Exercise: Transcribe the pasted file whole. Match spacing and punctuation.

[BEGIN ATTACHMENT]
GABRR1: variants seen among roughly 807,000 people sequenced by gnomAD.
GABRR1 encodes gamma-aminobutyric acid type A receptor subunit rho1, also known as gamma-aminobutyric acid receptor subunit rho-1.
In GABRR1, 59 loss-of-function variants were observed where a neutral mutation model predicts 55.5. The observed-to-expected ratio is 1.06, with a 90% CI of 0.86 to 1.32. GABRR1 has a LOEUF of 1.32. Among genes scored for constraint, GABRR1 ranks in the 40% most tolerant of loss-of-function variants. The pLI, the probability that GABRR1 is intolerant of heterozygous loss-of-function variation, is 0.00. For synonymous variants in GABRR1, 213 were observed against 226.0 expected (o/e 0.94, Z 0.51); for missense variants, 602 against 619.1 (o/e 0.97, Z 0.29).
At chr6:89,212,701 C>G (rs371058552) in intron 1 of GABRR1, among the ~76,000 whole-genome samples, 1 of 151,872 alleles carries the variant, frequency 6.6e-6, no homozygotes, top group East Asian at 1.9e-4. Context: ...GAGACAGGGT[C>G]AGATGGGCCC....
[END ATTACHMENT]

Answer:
GABRR1: variants seen among roughly 807,000 people sequenced by gnomAD.
GABRR1 encodes gamma-aminobutyric acid type A receptor subunit rho1, also known as gamma-aminobutyric acid receptor subunit rho-1.
In GABRR1, 59 loss-of-function variants were observed where a neutral mutation model predicts 55.5. The observed-to-expected ratio is 1.06, with a 90% CI of 0.86 to 1.32. GABRR1 has a LOEUF of 1.32. Among genes scored for constraint, GABRR1 ranks in the 40% most tolerant of loss-of-function variants. The pLI, the probability that GABRR1 is intolerant of heterozygous loss-of-function variation, is 0.00. For synonymous variants in GABRR1, 213 were observed against 226.0 expected (o/e 0.94, Z 0.51); for missense variants, 602 against 619.1 (o/e 0.97, Z 0.29).
At chr6:89,212,701 C>G (rs371058552) in intron 1 of GABRR1, among the ~76,000 whole-genome samples, 1 of 151,872 alleles carries the variant, frequency 6.6e-6, no homozygotes, top group East Asian at 1.9e-4. Context: ...GAGACAGGGT[C>G]AGATGGGCCC....